By Matthew Crabbe
I have chosen an article that didn’t quite make the cover story of the September 1988 issue of Euromoney. Each year the September issue, published for the annual IMF meeting (which in 1988 was held in West Berlin) would set a new record for size. That year it was a whopping 332 pages. So making the cover would have been a big deal. But I am not bitter.
I believe the article I wrote on the opportunities and frustrations of glasnost and perestroika represents some of the strengths of Euromoney. It was a long article packed with detail that should have been valuable to bankers and exporters. It was the right topic at the right time.
The Soviet Union was slowly opening up for business. It had started issuing foreign currency bonds via Vnesheconombank, the progressive state bank for foreign affairs, although France still banned investors from buying the bonds because of pre-revolutionary debts and US banks were under pressure not to participate.
German, Italian and Austrian banks, on the other hand, were doing deals, including large trade finance credits designed to bring consumer goods to Soviet shoppers.
“Perestroika,” I wrote, “might eventually mean 280 million Soviet citizens drinking Pepsi and wearing Benetton.”
But the article was really about the painstaking negotiations that had to go into every deal with the USSR. There was a complicated network of Russian-owned trade banks in Europe, and the Italians, Germans and Austrians were making money working with them. The UK was also lending more to support trade.
However, Soviet trade both within and outside Comecon remained stagnant and the Soviets nonetheless demanded sub-market rates for their debt. There was plenty of opposition to reform inside Russia, of course, not least from bureaucrats working at Gosbank, the coordinating state bank and rival to Vnesheconombank.
My article was based on a lot of interviews with people who were doing different kinds of business with the USSR. And in July 1988 I managed to wangle a place in the press corps following Mikhail Gorbachev on his visit to Poland. Euromoney was not on the Novosti list of approved foreign publications, so we were not allowed to formally visit the Soviet Union. But one of the Euromoney directors had a good connection at the Soviet embassy in London and after a couple of meetings I was added to the list of journalists invited to follow Gorbachev from Warsaw to Szczecin to Krakow.
Gorbachev’s trip was an important gesture by the general secretary of the Soviet Union: an acknowledgment of the popularity of the Solidarity movement and the new relationship he was forging between the USSR and its satellites.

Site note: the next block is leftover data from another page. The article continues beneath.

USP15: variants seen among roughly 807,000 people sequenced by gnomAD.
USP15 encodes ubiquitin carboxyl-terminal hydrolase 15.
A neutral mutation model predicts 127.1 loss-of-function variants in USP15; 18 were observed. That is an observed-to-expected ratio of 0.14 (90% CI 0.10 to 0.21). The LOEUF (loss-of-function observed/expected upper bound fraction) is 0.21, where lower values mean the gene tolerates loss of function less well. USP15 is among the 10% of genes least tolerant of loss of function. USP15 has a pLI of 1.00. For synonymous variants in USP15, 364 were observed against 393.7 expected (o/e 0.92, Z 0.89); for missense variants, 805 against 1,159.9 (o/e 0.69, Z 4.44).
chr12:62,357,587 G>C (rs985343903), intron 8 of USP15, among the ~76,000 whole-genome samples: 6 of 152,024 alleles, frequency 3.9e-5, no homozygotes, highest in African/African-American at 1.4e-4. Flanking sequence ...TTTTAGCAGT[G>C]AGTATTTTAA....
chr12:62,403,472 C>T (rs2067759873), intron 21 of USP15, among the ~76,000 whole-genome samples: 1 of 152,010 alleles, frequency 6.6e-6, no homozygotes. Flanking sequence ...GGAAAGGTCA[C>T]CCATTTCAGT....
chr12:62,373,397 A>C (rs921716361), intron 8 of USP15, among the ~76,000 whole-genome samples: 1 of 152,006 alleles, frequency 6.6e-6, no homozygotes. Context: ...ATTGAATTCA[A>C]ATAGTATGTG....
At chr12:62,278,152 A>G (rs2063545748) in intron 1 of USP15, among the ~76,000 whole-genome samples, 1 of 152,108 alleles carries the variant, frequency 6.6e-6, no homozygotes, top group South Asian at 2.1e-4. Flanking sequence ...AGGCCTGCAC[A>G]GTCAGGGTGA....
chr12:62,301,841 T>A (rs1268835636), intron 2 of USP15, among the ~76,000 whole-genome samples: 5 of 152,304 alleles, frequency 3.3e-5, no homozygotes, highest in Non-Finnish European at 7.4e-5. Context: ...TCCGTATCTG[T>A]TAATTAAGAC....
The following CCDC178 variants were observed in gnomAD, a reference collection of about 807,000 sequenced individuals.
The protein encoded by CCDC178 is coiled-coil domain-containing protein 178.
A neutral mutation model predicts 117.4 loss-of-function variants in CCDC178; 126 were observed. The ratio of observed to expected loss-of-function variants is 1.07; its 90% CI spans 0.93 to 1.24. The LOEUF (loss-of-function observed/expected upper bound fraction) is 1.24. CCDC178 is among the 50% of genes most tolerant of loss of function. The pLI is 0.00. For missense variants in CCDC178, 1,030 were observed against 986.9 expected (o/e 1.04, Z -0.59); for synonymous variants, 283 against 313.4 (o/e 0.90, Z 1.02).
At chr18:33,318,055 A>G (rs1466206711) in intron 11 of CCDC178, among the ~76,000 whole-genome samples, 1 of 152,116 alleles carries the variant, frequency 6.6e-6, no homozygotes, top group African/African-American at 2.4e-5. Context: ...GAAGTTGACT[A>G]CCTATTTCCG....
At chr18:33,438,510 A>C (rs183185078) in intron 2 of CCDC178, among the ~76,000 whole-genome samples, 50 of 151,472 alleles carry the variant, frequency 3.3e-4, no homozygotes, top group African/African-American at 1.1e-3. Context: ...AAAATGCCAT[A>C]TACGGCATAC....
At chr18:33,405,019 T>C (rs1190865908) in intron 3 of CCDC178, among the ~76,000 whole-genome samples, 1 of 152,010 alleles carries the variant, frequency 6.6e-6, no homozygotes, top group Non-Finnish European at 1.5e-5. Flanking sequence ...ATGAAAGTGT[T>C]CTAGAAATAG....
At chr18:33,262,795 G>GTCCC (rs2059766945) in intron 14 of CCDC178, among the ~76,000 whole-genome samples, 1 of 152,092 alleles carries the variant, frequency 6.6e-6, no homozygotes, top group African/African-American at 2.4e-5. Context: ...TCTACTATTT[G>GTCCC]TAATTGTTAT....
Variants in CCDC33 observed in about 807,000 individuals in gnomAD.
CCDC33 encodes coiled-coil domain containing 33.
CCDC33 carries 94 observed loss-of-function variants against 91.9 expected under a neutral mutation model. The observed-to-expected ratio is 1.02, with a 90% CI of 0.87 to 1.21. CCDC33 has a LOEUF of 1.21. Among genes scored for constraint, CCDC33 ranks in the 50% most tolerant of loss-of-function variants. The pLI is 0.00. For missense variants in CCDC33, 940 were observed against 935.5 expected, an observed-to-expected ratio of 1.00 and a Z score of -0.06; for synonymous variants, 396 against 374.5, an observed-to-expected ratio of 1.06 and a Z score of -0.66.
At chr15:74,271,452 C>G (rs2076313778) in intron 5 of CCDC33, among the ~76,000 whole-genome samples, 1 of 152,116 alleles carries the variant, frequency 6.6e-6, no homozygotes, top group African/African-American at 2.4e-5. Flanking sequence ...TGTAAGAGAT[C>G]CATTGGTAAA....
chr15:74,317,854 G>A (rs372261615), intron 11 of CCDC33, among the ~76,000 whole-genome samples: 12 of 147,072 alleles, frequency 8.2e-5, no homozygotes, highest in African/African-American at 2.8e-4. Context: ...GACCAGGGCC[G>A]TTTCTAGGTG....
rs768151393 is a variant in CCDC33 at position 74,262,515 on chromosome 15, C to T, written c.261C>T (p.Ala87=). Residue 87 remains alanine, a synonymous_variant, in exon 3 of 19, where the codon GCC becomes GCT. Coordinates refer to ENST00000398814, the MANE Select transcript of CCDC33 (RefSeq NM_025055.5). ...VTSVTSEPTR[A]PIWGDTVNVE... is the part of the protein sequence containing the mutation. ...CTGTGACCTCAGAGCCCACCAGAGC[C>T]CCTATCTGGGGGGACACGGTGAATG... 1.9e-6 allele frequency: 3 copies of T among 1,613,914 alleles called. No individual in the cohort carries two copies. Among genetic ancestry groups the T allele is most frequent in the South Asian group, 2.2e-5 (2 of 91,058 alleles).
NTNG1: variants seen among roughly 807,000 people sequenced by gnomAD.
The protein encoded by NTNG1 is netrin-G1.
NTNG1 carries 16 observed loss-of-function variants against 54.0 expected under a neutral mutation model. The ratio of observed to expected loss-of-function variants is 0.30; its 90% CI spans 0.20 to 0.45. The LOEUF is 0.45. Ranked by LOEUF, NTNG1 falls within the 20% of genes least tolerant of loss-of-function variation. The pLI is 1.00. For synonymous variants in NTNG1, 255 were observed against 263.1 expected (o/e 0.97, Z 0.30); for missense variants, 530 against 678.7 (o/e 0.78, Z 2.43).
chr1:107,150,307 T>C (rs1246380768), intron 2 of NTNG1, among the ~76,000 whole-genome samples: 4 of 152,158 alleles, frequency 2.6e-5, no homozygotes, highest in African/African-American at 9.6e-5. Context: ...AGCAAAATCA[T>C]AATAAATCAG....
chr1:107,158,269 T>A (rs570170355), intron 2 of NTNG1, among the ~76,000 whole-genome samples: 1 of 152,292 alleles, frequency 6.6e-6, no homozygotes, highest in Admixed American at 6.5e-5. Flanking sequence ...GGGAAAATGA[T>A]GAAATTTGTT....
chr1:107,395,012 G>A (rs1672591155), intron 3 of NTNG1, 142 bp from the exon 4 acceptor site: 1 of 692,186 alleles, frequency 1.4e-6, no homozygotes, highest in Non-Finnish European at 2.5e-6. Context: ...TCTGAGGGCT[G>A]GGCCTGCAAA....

There were no spontaneous crowds to meet him. It was all very symbolic. Possibly he and his advisers might have foreseen that just a year later Solidarity would be strong enough to form a government. However, nobody in 1988 would have bet that in 1990 the Soviet Union would hold its first democratic elections and that within a few years it would be gone.
At the time, the trip was simply an opportunity to meet some of the architects of reform, to try and gauge whether or not business between the Soviet Union and what we used to call “the West” would become easier.
While my article failed to predict how fast things would change, the conclusion was that obstacles to deals could be overcome. The door was there to be pushed.
What else were we getting right and wrong in 1988? Leafing through that big issue of Euromoney, I have fetched from the spare bedroom cupboard, I am struck by how little we wrote about technology and the impact that it was going to have on finance. Or rather, the impact technology was already having: in October 1987 automated trading had been blamed for a stock market crash.
Perhaps we were a little blinkered by our old-fashioned way of doing our journalism. In 1988, I tell my millennial son, we were still writing our articles on typewriters. “But they were modern IBM golf ball typewriters,” I add.
“What on earth is a golf ball typewriter?” he asks.
On the plus side, we did a lot of research for our articles. We had plenty of time to write them; we went wherever we need to go and we spoke to a lot of people. We understood our audience.
In 1989, I left Euromoney. I was hired for the launch of a new newspaper, The Sunday Correspondent, which very few people remember. It lasted only 12 months, partly because of some poor editorial decisions.
One reason Euromoney has made it to 50 is because the need for long-form, detailed reporting has never gone away.